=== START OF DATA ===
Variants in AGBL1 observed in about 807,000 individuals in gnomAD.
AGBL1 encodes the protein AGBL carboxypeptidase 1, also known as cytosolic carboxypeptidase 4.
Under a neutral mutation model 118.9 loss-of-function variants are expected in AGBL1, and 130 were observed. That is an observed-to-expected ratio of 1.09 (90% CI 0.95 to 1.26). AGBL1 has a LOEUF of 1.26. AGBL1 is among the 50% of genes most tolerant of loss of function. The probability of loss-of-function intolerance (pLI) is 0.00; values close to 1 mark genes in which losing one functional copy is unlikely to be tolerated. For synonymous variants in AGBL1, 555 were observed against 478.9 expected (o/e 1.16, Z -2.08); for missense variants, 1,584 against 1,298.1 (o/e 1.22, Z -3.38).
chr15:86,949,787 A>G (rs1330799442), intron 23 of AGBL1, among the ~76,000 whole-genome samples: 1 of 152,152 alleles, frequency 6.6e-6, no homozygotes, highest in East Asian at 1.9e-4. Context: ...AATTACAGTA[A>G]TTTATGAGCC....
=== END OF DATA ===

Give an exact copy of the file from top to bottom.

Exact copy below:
Variants in AGBL1 observed in about 807,000 individuals in gnomAD.
AGBL1 encodes the protein AGBL carboxypeptidase 1, also known as cytosolic carboxypeptidase 4.
Under a neutral mutation model 118.9 loss-of-function variants are expected in AGBL1, and 130 were observed. That is an observed-to-expected ratio of 1.09 (90% CI 0.95 to 1.26). AGBL1 has a LOEUF of 1.26. AGBL1 is among the 50% of genes most tolerant of loss of function. The probability of loss-of-function intolerance (pLI) is 0.00; values close to 1 mark genes in which losing one functional copy is unlikely to be tolerated. For synonymous variants in AGBL1, 555 were observed against 478.9 expected (o/e 1.16, Z -2.08); for missense variants, 1,584 against 1,298.1 (o/e 1.22, Z -3.38).
chr15:86,949,787 A>G (rs1330799442), intron 23 of AGBL1, among the ~76,000 whole-genome samples: 1 of 152,152 alleles, frequency 6.6e-6, no homozygotes, highest in East Asian at 1.9e-4. Context: ...AATTACAGTA[A>G]TTTATGAGCC....